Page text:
Heavy industry

economic-dictionary

Heavy industry is one that uses or extracts large amounts of raw materials and transforms them. In this way, it develops products that will later be required by other industries.

That is, heavy industry is responsible for processing the resources extracted from nature to create goods that can then be used by other sectors.

For example, we have the chemical industry that manufactures fertilizers that will later be used for agricultural production.

Heavy industry characteristics

The main characteristics of heavy industry are:

  • It uses a large amount of inputs or materials, if we compare it with light industry.
  • It has a significant environmental impact so it cannot be developed very close to urban or residential areas.
  • Continuing with the previous point, it usually generates a high degree of pollution, with solid waste and greenhouse gas emissions.
  • They are activities necessary for the subsequent development of final goods in other industries.
  • It not only requires large amounts of raw material, but also water and energy.

Main activities of heavy industry

The main activities of heavy industry are:

  • Extractive Industries: Refers to obtaining resources from nature, such as minerals and oil.
  • Cement companies: It develops inputs that are used for the construction activity, and not only for building real estate, but also for large infrastructures such as bridges or roads.
  • Iron and steel industry: It involves the processing of iron to obtain different types of alloys such as steel. Thus, semi-finished products such as tubes are manufactured that will be used in other industries.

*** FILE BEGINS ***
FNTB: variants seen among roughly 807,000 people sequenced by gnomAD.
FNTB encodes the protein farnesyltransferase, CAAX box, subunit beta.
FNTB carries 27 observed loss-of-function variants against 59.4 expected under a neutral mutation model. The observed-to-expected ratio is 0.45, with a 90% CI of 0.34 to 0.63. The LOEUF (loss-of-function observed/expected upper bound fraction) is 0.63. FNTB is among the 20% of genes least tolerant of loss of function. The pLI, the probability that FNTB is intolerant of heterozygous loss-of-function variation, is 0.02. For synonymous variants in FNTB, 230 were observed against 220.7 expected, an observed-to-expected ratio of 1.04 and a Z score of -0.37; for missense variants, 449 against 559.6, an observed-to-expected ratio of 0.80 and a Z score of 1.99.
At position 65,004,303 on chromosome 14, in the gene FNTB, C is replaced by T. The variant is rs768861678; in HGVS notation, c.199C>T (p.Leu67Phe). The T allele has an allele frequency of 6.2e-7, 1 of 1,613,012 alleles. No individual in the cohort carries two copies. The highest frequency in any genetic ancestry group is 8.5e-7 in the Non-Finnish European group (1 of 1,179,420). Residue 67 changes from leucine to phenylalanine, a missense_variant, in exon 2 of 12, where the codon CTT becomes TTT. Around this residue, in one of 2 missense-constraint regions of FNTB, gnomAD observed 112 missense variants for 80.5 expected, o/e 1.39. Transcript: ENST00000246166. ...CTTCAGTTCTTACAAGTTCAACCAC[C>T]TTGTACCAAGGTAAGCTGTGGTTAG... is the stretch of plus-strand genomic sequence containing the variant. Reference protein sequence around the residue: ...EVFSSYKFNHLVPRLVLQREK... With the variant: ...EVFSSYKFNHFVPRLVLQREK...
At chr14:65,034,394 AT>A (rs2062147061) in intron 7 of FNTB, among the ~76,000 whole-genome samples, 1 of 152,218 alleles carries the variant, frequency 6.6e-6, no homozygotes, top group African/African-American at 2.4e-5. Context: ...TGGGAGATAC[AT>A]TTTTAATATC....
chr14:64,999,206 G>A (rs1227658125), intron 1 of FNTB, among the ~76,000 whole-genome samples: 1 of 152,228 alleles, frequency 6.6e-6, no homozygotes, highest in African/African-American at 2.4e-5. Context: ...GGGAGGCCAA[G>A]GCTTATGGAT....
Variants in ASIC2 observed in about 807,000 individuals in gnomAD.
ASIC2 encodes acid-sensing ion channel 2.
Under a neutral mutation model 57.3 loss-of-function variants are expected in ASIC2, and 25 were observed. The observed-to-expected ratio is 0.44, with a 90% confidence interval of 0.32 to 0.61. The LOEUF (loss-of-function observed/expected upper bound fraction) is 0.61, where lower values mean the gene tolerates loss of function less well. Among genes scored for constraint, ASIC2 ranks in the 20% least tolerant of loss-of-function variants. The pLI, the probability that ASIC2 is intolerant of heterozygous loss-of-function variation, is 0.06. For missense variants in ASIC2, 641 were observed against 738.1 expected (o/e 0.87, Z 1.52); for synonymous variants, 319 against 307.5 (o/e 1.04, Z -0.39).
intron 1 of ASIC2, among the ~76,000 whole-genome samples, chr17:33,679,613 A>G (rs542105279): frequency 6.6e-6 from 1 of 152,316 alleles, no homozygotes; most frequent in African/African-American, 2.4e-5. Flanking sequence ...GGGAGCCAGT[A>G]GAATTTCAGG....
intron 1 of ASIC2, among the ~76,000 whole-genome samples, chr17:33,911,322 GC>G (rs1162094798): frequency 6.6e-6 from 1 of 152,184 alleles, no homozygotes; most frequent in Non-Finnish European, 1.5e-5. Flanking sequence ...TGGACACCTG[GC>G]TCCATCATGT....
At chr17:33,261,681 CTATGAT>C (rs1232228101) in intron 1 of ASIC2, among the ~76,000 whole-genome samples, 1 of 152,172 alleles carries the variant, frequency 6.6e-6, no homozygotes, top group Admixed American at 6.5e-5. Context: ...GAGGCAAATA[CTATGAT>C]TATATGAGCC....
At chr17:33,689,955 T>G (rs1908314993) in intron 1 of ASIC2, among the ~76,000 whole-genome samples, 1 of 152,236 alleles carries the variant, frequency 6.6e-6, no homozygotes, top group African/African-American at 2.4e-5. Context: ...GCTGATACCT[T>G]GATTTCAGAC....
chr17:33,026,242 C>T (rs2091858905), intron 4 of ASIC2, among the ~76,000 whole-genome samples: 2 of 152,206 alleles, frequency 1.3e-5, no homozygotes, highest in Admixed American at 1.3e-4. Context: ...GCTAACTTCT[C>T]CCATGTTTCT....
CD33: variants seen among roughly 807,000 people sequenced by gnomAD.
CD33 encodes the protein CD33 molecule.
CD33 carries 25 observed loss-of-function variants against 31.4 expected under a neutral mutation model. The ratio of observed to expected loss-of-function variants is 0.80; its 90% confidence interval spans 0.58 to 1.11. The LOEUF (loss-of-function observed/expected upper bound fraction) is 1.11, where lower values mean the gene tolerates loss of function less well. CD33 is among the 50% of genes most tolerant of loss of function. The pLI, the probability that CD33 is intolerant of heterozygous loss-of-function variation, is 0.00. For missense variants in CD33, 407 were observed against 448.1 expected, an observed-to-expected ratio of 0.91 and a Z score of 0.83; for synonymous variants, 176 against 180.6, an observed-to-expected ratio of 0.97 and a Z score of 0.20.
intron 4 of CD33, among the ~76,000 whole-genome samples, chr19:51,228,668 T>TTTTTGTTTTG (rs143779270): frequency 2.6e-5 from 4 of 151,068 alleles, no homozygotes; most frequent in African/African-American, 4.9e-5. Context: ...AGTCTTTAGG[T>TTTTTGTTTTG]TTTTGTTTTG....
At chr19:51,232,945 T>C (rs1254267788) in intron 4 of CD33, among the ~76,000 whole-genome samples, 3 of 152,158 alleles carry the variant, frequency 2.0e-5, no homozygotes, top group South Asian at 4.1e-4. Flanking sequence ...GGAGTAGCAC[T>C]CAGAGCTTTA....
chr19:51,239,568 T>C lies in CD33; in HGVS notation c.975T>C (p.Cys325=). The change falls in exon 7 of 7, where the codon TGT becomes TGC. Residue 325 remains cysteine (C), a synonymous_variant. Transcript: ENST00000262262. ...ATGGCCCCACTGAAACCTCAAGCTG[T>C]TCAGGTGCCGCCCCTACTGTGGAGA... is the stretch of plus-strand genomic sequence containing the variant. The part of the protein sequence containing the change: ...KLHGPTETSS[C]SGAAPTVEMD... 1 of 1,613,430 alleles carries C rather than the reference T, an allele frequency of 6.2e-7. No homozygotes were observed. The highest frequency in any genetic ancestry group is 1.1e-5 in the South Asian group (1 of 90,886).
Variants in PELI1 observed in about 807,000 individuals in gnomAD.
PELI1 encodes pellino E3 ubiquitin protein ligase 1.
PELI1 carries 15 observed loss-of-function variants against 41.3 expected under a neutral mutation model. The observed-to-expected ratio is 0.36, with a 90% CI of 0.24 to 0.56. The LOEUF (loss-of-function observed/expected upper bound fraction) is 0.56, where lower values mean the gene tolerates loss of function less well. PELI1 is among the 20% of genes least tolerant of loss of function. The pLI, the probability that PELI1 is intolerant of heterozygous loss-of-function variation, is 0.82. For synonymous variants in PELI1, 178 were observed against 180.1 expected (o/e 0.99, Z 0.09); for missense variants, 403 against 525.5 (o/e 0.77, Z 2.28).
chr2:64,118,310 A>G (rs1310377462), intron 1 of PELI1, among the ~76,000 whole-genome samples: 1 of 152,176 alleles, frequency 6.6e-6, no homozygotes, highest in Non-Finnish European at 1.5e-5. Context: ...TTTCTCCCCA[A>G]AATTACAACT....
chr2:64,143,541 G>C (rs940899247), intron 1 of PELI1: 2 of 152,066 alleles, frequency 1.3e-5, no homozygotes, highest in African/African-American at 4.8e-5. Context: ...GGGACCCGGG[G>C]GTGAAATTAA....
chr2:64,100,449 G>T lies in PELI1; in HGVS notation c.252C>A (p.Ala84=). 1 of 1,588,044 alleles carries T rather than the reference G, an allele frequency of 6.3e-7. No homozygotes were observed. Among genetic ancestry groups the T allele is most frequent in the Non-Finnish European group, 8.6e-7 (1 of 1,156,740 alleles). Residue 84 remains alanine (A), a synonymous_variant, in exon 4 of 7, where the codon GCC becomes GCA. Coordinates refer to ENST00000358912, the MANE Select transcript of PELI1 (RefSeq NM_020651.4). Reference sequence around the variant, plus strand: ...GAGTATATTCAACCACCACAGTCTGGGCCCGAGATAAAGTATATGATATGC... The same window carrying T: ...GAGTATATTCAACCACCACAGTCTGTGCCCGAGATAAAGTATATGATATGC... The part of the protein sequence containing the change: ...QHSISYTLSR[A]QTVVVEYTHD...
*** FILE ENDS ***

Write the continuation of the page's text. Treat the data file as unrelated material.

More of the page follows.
• Chemistry: Refers to the processing of raw materials such as water, salt, sulfur, and various fossil elements (such as oil, coal, and natural gas). In this way, goods are produced that can be used in other sectors, such as gasoline that is obtained from oil.

Heavy industry example

An example of heavy industry is mining that is dedicated to the extraction of copper. Thus, companies dedicated to this area first carry out exploration work to find deposits.

Once the mineral reserve is found, we proceed with obtaining the respective permits from the authorities and normally must negotiate with the population that may live near the mine. Later, after obtaining the license, establishments are built where the metal will be processed.

The mining company must assure the authority that it will adequately handle the environmental issue, so that negative externalities are not generated to citizens, causing, for example, health problems.

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